Tunnel may be blessing for Rohtang eco-system

August 2nd, 2010 - 12:35 pm ICT by IANS  

Sonia Gandhi By Vishal Gulati
Manali (Himachal Pradesh), Aug 2 (IANS) The fragile ecosystem of the Rohtang Pass is likely to get some respite from heavy pollution from vehicles once the 8.8-km-long tunnel being built under it takes on the traffic burden.

The multicrore-rupee Rohtang tunnel project began June 28 this year with United Progressive Alliance (UPA) chairperson Sonia Gandhi laying its foundation stone. It is likely to be completed by 2015. It will reduce the road distance between Manali and Leh by approximately 48 km and save about four hours of travel time.

“The construction of the (Rohtang) tunnel would greatly help in protecting the fragile ecosystem of the Rohtang Pass,” K.C. Kuniyal, senior scientist of the Kullu-based G.B. Pant Institute of Himalayan Environment and Development, told IANS.

At present, the eco-system of the pass, located at an altitude of 13,050 feet, is being damaged by the increasing tourist inflow and exhaust fumes of vehicles.

Excessive emission of the carbon monoxide from the vehicles and huge quantities of trash left behind by tourists on the pass are taking a heavy toll on the snow cover, said Kuniyal, who has carried out a number of studies on the impact of pollution on the Rohtang Pass.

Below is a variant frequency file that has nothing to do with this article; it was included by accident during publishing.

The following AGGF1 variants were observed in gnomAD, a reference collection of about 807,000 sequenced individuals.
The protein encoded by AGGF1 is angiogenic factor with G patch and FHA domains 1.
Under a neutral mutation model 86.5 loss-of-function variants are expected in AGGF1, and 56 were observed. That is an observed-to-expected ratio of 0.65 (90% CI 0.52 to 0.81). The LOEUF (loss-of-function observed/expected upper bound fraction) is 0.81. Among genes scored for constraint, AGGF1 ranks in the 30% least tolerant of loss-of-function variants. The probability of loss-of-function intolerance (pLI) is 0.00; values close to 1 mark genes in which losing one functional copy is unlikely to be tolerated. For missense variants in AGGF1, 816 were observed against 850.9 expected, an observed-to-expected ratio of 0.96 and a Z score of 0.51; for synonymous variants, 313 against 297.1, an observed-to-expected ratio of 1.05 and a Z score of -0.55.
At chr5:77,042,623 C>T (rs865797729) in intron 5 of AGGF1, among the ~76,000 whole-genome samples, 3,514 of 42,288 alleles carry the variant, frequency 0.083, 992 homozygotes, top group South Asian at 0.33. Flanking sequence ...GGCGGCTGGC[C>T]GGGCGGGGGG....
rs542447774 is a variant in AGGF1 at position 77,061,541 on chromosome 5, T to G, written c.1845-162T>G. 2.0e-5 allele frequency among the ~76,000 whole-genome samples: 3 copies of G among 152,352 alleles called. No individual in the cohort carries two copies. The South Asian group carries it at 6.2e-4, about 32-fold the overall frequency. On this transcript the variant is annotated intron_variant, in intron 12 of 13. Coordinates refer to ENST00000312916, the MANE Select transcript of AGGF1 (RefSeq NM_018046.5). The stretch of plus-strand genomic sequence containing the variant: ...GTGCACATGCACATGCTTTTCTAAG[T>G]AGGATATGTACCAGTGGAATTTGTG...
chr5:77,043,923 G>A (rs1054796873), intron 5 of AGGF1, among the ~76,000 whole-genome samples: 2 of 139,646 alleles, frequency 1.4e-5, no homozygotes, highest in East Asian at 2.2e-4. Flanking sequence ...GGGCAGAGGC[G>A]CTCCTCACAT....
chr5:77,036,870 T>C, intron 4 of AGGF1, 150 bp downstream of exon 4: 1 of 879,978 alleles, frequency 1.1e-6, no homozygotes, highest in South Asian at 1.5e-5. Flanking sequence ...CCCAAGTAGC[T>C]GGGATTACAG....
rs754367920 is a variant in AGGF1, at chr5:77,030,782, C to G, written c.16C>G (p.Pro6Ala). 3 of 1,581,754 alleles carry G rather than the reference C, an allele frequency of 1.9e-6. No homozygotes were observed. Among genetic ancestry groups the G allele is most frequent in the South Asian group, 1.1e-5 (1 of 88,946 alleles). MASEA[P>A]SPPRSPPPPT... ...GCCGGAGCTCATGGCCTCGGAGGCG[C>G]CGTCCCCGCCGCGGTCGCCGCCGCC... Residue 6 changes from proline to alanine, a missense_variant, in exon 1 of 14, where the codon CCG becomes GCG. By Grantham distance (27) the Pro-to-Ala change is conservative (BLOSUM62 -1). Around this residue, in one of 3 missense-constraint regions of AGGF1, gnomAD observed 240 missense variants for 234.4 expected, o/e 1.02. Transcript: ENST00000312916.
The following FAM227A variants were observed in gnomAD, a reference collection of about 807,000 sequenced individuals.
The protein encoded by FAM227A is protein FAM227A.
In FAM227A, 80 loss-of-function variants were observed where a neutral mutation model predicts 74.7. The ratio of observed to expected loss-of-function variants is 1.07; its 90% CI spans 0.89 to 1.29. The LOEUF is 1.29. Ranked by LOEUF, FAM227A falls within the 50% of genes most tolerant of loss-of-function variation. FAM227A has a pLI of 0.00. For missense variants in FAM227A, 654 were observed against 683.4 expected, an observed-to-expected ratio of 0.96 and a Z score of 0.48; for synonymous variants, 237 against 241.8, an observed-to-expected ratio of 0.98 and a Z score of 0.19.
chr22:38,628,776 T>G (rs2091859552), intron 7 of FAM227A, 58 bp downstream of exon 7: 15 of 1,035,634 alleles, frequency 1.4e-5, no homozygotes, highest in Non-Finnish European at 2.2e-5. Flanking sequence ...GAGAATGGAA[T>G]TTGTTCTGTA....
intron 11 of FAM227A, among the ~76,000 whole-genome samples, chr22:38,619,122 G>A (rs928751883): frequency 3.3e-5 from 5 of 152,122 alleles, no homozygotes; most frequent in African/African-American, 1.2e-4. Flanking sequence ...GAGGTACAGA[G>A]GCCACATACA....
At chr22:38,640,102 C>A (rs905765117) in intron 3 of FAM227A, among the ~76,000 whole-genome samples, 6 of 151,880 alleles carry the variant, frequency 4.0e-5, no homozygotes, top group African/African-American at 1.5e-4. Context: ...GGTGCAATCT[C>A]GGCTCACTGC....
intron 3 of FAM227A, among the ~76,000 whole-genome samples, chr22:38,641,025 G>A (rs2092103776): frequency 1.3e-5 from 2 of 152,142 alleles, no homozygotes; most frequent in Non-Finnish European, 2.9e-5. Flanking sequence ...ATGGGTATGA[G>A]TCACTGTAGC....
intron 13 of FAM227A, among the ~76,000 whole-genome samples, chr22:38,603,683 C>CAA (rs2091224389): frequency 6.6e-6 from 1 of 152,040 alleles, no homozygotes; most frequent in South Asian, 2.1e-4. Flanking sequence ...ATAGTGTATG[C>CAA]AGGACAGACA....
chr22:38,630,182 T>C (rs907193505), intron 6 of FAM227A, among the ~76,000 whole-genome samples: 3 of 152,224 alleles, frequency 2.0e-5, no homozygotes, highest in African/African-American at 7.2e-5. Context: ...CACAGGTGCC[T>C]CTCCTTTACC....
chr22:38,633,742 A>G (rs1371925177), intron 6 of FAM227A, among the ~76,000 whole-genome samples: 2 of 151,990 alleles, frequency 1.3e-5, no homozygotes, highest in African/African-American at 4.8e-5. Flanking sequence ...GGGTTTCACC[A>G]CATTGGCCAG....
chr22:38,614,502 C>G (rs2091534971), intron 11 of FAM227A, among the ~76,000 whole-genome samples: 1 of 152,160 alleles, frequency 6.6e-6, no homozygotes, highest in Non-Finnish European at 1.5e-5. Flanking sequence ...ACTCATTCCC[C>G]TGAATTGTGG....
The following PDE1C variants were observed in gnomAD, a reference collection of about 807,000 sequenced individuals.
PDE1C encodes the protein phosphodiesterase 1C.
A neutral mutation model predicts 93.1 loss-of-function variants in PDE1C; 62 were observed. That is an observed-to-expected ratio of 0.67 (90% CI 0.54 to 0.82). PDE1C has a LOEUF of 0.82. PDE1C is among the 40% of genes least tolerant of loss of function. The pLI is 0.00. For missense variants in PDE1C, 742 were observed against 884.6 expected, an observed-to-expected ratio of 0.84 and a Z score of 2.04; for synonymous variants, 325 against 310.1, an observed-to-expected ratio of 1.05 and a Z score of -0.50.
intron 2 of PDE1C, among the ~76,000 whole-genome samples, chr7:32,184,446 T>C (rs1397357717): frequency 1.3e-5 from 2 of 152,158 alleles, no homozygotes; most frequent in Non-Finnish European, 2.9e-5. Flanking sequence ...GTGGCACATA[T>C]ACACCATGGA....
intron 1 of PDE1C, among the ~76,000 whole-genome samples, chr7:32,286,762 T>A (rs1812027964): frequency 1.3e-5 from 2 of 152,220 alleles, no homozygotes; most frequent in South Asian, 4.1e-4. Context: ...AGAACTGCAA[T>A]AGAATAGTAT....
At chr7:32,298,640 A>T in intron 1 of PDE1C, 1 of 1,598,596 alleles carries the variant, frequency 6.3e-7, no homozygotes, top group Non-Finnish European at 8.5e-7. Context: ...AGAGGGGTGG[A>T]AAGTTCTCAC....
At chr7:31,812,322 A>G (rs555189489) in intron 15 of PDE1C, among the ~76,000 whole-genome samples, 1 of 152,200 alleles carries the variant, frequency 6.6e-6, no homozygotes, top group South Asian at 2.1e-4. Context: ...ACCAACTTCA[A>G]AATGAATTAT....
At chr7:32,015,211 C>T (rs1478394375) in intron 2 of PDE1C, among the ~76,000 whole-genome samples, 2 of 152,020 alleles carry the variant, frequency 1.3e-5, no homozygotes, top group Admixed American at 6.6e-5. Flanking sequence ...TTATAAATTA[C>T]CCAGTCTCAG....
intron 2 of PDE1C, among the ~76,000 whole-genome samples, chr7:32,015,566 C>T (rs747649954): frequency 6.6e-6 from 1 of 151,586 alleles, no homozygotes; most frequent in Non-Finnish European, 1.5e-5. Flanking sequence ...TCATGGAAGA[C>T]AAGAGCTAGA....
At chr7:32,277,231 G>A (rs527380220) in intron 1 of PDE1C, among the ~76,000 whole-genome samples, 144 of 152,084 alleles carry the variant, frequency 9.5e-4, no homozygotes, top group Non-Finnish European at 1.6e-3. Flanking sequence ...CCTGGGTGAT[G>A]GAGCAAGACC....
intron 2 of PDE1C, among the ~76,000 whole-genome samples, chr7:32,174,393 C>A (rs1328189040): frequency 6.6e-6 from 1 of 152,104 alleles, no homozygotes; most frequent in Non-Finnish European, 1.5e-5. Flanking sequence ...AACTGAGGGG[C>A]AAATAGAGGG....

Officials say more than 2,000 vehicles go over the pass every day during peak tourist season - from June till November. A major component of the traffic is also defence vehicles, with the forces reaching supplies to strategic points through the pass.

“Over the years we have observed that the snow cover in the Rohtang Pass is melting at a faster rate than expected. Earlier, snow remained on the pass till June-end. Now, it almost melts by May-end. This means there is an overall increase in temperature,” said Kuniyal.

He said at several points the snow is turning black due to soot accumulation. Even the rocks along the highway have turned black or dark grey.

“A large number of flora species that were common on the pass are now on the verge of extinction. This would ultimately threaten the existence of fauna species too,” he added.

According to Kuniyal, once the tunnel is constructed beneath the pass, the government should either regulate the traffic on the pass or temporarily close it for motorists.

“There is a need for taking steps to check the rapid melting of snow as it increases the volume of water in rivers at a particular time rather than ensuring regular supply of water through the year,” the scientist said.

The picturesque Rohtang Pass, some 52 km from Manali, is a major attraction for both domestic and foreign tourists.

Over 100,000 tourists, mainly from Punjab, Haryana, Chandigarh, Delhi, Maharashtra and Gujarat, have been to the pass since its reopening in June this year.

For more than six months, the pass remains cut off from the rest of the country due to heavy snowfall.

(Vishal Gulati can be contacted at vishal.g@ians.in)

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